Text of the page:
“Division Two,” a 2015 self-published novel from Philo Feaubique, presents a tiered system of the afterlife. Division One is analagous to the Christian vision of Heaven, Division Three is a void, and Divison Two is… complicated.
People who have intentionally harmed others in their life, don’t believe in an afterlife, or don’t believe they belong in Division One, are sent to Division Two. Once there, they are either assigned a private room where their deaths are replayed continually until they ask for help, or they are assigned a task by one of several Gatekeepers, whose mission is to help other Division Two members escape from the hells in their private rooms. This sounds much like Purgatory, but with a goal of achieving an Eastern-style personal serenity rather than atonment.
Movement between divisions is possible, and in a highly comic and completely believable scene, one soul that has gone to Division One becomes immediately indignant when he sees the others than have been allowed entry (I can see many evangelicals having this reaction), and requests to be sent down to Division Two.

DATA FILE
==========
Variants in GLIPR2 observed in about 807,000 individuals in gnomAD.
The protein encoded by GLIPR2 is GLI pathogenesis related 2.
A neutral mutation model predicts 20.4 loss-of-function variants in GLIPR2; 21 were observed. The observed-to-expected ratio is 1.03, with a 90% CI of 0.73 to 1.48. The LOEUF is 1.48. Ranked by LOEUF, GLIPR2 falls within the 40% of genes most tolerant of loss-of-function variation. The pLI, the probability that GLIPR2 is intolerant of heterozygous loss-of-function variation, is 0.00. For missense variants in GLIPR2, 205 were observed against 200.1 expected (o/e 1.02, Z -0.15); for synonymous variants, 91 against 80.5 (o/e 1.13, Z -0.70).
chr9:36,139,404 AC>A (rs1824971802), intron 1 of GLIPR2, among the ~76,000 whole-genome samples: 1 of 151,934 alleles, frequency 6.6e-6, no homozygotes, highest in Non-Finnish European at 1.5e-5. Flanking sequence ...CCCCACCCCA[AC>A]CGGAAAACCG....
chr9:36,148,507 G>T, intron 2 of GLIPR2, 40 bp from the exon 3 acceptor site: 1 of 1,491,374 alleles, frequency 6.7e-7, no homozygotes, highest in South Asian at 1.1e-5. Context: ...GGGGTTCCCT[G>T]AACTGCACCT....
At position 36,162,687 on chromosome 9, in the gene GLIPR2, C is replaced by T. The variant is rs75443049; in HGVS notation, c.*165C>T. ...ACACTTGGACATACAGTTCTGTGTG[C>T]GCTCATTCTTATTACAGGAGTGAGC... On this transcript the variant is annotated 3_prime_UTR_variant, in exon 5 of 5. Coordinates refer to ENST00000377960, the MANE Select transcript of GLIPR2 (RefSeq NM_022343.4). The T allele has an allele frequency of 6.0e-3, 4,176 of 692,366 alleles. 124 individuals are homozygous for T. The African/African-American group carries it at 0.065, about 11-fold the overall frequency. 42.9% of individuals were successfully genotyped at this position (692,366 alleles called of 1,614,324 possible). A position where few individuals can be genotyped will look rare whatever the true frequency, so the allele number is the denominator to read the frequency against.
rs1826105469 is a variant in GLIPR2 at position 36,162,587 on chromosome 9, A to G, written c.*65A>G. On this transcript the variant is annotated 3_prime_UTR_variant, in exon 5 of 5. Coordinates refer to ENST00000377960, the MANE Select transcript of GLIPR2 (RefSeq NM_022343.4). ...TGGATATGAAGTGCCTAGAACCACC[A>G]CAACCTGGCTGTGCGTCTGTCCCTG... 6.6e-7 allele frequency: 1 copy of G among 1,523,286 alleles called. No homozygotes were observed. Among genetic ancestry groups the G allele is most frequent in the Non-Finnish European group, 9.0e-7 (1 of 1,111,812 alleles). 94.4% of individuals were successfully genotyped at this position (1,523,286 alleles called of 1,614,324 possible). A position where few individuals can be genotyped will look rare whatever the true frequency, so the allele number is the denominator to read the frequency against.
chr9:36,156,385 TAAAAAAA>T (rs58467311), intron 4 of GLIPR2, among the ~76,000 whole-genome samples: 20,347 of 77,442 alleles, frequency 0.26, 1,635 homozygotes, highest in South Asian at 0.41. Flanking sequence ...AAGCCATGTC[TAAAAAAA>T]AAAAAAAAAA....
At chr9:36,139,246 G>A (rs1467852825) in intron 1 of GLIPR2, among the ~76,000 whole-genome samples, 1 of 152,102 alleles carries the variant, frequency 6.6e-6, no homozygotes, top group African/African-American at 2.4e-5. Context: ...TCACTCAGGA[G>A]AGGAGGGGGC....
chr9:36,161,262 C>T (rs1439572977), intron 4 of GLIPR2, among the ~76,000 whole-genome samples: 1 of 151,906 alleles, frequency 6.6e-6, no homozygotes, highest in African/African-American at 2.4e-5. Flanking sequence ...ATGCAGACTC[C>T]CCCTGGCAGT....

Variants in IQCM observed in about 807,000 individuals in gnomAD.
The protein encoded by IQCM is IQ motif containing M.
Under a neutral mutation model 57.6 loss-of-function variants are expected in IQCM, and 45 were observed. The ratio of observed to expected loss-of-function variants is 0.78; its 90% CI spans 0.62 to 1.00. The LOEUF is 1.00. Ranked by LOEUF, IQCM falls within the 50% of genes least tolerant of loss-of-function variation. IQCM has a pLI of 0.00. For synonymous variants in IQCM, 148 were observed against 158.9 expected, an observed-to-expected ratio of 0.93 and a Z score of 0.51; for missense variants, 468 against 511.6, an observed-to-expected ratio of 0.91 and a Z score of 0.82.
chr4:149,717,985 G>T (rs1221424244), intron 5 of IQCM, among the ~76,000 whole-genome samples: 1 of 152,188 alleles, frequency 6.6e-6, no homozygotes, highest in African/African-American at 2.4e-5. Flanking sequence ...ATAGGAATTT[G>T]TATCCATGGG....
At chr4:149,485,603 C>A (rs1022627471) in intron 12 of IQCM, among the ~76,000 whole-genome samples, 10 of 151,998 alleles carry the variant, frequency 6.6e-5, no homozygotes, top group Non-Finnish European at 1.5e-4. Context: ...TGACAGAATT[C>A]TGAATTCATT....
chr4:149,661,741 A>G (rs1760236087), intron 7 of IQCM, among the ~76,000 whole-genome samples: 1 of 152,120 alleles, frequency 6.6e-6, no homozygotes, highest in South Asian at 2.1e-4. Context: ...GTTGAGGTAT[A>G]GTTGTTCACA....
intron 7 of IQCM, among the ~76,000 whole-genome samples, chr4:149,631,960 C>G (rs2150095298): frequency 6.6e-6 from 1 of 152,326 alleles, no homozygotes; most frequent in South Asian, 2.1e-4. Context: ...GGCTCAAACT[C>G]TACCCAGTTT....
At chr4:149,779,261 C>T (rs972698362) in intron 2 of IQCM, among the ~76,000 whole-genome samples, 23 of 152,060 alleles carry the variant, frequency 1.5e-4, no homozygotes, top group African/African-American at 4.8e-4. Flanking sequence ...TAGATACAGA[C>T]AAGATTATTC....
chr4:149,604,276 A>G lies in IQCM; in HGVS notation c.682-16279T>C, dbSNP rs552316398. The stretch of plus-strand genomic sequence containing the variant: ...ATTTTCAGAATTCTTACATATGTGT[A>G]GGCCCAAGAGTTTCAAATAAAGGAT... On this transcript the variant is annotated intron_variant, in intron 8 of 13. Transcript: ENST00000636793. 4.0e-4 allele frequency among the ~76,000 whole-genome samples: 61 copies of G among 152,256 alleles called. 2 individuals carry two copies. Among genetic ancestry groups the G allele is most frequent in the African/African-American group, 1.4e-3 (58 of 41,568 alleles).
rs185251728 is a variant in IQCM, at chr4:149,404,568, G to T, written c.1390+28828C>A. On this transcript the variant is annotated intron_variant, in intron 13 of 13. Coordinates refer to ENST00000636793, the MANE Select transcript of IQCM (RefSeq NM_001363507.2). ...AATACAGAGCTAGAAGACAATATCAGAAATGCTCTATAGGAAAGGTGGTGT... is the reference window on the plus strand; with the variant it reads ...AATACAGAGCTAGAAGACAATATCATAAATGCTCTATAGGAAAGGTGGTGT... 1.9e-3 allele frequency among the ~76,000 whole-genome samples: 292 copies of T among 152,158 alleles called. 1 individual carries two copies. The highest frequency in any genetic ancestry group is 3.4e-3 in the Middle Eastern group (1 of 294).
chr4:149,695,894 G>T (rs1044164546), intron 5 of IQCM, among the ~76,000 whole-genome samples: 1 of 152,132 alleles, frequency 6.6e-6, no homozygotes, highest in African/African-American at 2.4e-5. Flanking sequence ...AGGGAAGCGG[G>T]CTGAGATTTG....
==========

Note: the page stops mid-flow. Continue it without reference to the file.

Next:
The thought-provoking view of the afterlife makes the novel very engaging, although the pacing is too often slow and repititive. The novel also uses too many characters, many of whom are indistinguishable from the others and display little or no growth over the course of the narrative.
Like many self-published novels, “Division Two” would benefit from a good editor, which might actually be in the works — the author has temporarily pulled the book from the market to work on a revision. I hope Philo follows through with his revision and employs an editor, because the novel does have promise.